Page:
Founded 15 years ago after supermarket fire
By Michael Turton
The emergence of Cold Spring Farmers’ Market was the silver lining around a February 2002 fire that destroyed the Grand Union Supermarket. Its first season consisted of four vendors huddled in the parking lot of the defunct Butterfield Hospital each Saturday from late May into November.
The Saturday time slot hasn’t changed, but the market certainly has. Now a vibrant, year-round venture, it features some 30 farmers and producers from May through October at Boscobel at 1601 Route 9D in Garrison and from November to April inside the St. Mary’s Church parish hall at Main and Chestnut in Cold Spring. It is open from 8:30 a.m. to 1:30 p.m. at Boscobel but opens an hour later at St. Mary’s.
The farmers’ market was more than a reaction to the loss of a grocery store. It was part of a larger shift in how Americans think about food, what they buy and where they buy it. In 1994 there were 1,755 farmers’ markets in the U.S. Today there are more than 8,500, including several hundred in New York state.
Shelley Boris was a founding board member of CSFM — the market operates as a non-profit — and is currently its vice president. (The other board members are treasurer Lithgow Osborne, secretary Liz Rauch, Deb Dichter, Lissi Erwin, Patrick Larsen, Carol Newman, Camilla von Bergen and Marc Weiss.) Boris said the market’s mission to support Hudson Valley agriculture is aided by retailers that sell local farmers’ products and by Community Supported Agriculture (CSAs).
She suspects many shoppers at the market have a CSA pick-up on Tuesday or Wednesday and then stop at the market on Saturday, so they have local products on their tables all week. The ready availability of fresh produce and food has “raised everyone’s expectations.”
In addition, she said, the market has become a community gathering place. “It’s a place to bring your dog, see your neighbors, get your knives sharpened and eat lunch from prepared food vendors” such as the newly introduced Farmers and Chefs Food Truck, she says. The market also has added homemade dog treats.
Some vendors are not at the market every week. See csfarmmarket.org for a schedule.
Aaron Burr Cidery (Wurtsboro)
Adair Vineyards (New Paltz)
All You Knead Bakers (Beacon)
Breezy Hill Orchard & Cider Mill & Knollcrest Farm (Staatsburg)
Chaseholm Farm Creamery (Pine Plains)
Chevreaux de la Grange (Pleasant Valley)
Cold Spring Coffee Pantry
Coyote Kitchen (Cornwall)
Dashing Star Farm (Millerton)
EB’s Golden Harvest (Yorktown Heights)
Eggbert’s Free Range Farm (Washingtonville)
Four Winds Farm (Gardiner)
Full Moon Farm (Gardiner)
Hillrock Estate Distillery (Ancram)
Hudson River Apiaries (Verplanck)
Kat’s Kitchen (Cold Spring)
Kontoulis Family Olive Oil (Larchmont)
Krazy for Kazu’s (Falls Village, Conn.)
La Talaye (Pomona)
Le’Express Bistro Food Truck (Wappingers Falls)
Love in a Jar (Putnam Valley)
Liberty Orchards (Highland)
Dan Madura Farms (Middletown)
Noble Pies (Warwick)
North Winds Lavender Farm (Pawling)
OM Champagne Tea (Pound Ridge)
Perry’s Pickles (Rosendale)
Pura Vida Fisheries (Suffolk County)
Rogowski Farm (Pine Island)
Senza Glutine by Carmela (Walden)
Shawangunk Growers (Middletown)
Stockade Farm and Apothecary (Kingston)
Warwick Valley Winery & Distillery (Warwick)
Whitecliff Vineyard (Gardiner)
Susan Branagan, who is president of the board, feels the market owes its success to “beautiful products from great farmers and vendors — some of whom have been with us since the beginning,” including Four Winds Farm, Breezy Hill Orchards and EB’s Golden Harvest. Her one wish for the market? “For more of the community to come to meet our farmers.”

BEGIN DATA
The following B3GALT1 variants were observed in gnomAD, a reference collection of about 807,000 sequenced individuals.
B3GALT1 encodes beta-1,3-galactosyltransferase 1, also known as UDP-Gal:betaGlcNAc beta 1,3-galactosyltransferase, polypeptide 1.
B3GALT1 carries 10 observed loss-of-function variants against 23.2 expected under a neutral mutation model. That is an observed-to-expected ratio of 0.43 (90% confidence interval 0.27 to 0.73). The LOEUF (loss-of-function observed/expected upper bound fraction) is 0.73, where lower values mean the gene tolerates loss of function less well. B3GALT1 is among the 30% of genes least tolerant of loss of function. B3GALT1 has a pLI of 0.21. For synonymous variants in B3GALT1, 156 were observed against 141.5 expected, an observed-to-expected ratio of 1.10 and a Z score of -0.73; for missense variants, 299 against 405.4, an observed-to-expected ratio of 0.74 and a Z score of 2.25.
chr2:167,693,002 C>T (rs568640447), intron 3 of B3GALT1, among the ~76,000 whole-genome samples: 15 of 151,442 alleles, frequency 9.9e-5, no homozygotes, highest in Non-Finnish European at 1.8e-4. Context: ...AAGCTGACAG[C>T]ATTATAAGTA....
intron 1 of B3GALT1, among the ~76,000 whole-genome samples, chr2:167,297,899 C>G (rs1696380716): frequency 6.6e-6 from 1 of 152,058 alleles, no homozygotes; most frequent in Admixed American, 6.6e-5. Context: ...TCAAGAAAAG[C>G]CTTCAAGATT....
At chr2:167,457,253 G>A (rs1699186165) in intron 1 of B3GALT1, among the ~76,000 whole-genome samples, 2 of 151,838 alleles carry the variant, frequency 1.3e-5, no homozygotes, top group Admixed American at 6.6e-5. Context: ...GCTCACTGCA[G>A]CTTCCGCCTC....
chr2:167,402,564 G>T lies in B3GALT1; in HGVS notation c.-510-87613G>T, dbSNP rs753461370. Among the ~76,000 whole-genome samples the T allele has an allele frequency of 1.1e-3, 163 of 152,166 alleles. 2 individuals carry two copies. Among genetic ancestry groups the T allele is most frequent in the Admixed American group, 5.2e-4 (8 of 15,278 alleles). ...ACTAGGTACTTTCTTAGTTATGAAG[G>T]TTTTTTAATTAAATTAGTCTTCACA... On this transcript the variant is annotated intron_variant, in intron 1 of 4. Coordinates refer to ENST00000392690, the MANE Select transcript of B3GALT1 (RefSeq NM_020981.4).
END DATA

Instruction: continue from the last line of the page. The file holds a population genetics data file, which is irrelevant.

Tessa Dean and Zoe Markwalter, who both live in Beacon, joined the market as co-managers earlier this year and take turns running the show.
Asked what she likes most about the job, Dean said, “Knowing that I’m supporting local agriculture by helping farmers to sell their products.” It doesn’t hurt that she loves eating fresh food, or that her husband is a chef and teacher at the International Culinary Center in Soho.
She loves the work but admits it isn’t always easy. “Really hot weather is the hardest,” she said. “It can be very tiring and physically taxing.“ However, she enjoys the transition from summer to fall and the change in the produce being sold. “It’s a very nice time of year.”
Coming to the Market
10 a.m. Storytime with Usborne Books
10 a.m. Maya Gottlieb reads from her book Good Dog
10 a.m. Classical guitar by Austin Charnis
10 a.m. Tree ID Walk in Boscobel Gardens
Dean describes market customers as “very knowledgeable, very loyal and very local,” although there are a number of out-of-towners who stop.
Markwalter says she loves to watch the small businesses at work each Saturday especially because of her prior work in farming. “I volunteered at Common Ground Farm at Stony Kill Environmental Center,” she says, and also served on its board, including as president. While growing up in urban New Jersey, she had “no food connection. As an adult, I really wanted to change that.”
Facing the day at 5 a.m. on a rainy Saturday can be a challenge, she admits. She is a self-proclaimed “weather junkie” as market day approaches, relying on Weather Underground and Dark Sky.
She appreciates that those who run the market, the vendors and the customers share the same values. “What’s most remarkable is that it really is driven by the love,” she says. “This is not high-income generating — it’s not about money.”
Both managers would like to see more educational programs at the market, and Dean envisions increased collaboration with host Boscobel. “We’re in such a beautiful setting here … and they have a lot of great resources,” she said, citing Hudson River Estuary Essentials, a program led by Boscobel’s museum educator. Markwalter would love to add a composting program. Customers can submit their own ideas to [email protected]